Wednesday, June 23, 2010

Suffering and expectations. Wednesday, June 23, 2010.

“Suffering occurs when you clash with reality. When your illusions clash with reality when your falsehoods clash with the truth, then you have suffering.” – Ronica Coldiron

We all come into life with basic assumptions, I believe. That’s the reason infants cry – they have a sort of assumption that if they make noise, they’ll be fed. As we grow, we continue to form assumptions – that mommy will be there when we open our eyes during peek-a-boo, that daddy’s arms are strong enough to hold us, that the monsters under the bed won’t get us if we’ve said the magic words.

Grown-ups have assumptions too. Like our assumptions as kids, they’re rooted in some idea of security. We assume if we work hard, our job will be there to sustain us. We assume our house won’t burn down as we sleep. We assume our husband will make it home safe from work each night. We assume our children will grow up healthy and happy.

Because we have these assumptions, we feel angry and betrayed when suffering hits. Our company goes bankrupt; a spark flies and our house burns to the ground; our husband dies in a traffic accident; our child gets leukemia. And we rail against God if we believe in him, or the Universe itself if we don’t. We’re enraged because life isn’t fair.

People have vastly different coping mechanisms to explain this. Some people believe in the Law of Attraction, which states that we attract either good or bad things based on where we put our focus. (This doesn’t explain a lot of things; I’ll save that for a different day.) Some believe in Karma – if we suffer in this life, it’s because of something we did in a past one. Some believe that God pre-ordains everything.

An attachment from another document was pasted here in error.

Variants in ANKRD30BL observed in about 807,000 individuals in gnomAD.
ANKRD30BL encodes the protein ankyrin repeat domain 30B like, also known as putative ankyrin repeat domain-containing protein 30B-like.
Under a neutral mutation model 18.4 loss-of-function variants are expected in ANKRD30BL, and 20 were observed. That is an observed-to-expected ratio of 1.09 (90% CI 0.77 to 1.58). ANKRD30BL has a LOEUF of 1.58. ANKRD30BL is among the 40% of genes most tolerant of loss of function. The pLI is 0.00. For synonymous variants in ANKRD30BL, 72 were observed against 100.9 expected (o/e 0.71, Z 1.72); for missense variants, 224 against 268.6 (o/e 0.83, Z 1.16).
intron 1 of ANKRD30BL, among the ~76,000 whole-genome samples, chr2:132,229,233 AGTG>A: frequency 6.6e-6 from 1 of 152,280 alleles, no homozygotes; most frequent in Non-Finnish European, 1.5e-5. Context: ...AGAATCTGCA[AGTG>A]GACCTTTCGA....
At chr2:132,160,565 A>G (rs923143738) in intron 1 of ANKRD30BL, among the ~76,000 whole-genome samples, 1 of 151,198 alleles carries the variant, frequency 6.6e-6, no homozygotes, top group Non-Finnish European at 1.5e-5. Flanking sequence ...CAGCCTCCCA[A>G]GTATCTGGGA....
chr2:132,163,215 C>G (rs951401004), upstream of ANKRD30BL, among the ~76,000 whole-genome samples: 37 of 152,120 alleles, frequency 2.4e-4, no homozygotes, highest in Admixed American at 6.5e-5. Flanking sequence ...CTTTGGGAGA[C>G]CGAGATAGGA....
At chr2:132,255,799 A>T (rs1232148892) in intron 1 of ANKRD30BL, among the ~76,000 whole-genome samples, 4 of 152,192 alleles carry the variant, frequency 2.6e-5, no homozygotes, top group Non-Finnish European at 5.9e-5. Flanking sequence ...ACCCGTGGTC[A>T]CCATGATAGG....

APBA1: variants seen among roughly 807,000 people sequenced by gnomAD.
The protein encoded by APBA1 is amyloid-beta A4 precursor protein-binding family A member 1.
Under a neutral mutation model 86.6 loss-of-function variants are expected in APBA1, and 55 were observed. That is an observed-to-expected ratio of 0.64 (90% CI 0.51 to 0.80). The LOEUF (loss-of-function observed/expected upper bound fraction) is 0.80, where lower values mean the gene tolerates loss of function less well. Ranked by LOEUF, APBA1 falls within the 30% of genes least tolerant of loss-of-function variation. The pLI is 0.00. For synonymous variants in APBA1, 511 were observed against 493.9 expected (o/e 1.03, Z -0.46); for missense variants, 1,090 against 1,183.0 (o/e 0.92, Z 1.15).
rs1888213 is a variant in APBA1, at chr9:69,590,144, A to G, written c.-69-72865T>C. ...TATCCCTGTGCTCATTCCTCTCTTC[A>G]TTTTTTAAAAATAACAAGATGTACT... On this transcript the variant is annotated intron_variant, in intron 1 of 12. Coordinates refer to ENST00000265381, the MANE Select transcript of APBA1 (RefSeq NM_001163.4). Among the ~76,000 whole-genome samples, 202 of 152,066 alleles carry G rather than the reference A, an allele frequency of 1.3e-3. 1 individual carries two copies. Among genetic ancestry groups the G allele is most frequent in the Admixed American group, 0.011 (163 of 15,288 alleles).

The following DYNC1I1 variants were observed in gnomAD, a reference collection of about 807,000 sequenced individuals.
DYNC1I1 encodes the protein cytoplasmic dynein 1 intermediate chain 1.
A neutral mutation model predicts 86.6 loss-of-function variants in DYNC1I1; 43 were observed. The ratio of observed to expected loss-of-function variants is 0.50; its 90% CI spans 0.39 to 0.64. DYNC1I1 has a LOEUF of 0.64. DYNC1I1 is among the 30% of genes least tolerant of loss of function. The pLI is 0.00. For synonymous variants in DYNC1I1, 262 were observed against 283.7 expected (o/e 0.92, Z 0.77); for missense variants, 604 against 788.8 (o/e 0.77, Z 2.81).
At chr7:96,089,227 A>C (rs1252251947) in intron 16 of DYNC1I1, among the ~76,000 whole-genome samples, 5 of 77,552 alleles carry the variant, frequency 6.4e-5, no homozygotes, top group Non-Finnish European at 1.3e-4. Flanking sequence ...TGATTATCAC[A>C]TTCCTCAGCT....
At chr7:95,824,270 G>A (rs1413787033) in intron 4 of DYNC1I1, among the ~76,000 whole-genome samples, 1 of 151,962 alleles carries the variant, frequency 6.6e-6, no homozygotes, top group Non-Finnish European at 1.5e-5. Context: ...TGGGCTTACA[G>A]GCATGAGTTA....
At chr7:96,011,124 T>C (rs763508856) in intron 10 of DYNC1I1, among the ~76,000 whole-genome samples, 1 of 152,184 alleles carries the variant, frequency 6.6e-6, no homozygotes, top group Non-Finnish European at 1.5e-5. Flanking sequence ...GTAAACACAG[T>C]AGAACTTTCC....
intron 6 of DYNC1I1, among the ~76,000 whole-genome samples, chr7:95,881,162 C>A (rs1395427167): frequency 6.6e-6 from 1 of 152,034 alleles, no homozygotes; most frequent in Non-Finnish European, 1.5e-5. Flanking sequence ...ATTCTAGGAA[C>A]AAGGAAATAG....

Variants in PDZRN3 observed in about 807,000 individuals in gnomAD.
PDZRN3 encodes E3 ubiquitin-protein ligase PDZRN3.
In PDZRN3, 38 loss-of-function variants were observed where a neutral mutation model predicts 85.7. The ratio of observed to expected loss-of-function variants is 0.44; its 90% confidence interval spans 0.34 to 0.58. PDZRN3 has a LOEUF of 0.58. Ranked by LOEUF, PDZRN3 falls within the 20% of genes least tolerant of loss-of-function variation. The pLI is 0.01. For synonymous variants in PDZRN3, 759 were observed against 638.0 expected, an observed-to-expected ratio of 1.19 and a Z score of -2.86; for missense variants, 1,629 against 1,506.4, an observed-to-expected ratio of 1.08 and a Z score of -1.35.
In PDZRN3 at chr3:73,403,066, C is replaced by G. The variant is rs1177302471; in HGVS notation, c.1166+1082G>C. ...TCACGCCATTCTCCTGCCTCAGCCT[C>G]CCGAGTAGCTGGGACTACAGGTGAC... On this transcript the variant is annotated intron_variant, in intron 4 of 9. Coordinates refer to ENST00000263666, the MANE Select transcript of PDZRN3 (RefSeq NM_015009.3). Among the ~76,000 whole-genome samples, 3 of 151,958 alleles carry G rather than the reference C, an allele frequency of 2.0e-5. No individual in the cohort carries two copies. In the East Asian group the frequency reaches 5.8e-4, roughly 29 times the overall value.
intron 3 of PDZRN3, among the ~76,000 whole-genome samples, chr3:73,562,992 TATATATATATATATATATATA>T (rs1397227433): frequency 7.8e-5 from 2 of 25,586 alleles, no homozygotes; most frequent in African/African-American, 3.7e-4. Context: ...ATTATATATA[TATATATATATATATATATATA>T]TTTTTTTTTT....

My own coping mechanism has always been to always expect the worst, so I won’t be disappointed when it happens. But that’s not so helpful anymore. It leads to pessimism, which leads to depression, which leads to a sense of hopelessness and futility … so that I feel sad even when things are going well (because, I tell myself, any minute they could start going poorly!). And even with that negative outlook, I still manage to find myself blindsided when disaster strikes. So what good did it do?

I don’t have an answer for suffering. I do know that at the same time as so many people who are hungry or sick struggle so hard to live, more than one million other people around the world take their lives every year, and another 20 million people attempt it. (I could have a LOT of members on my Suicide Attempt Survivors page!) Clearly these people have suffered. Did they “Attract” the wrong things? Did God do it? Did Karma bit them in the ass?

Or were their expectations just too high?

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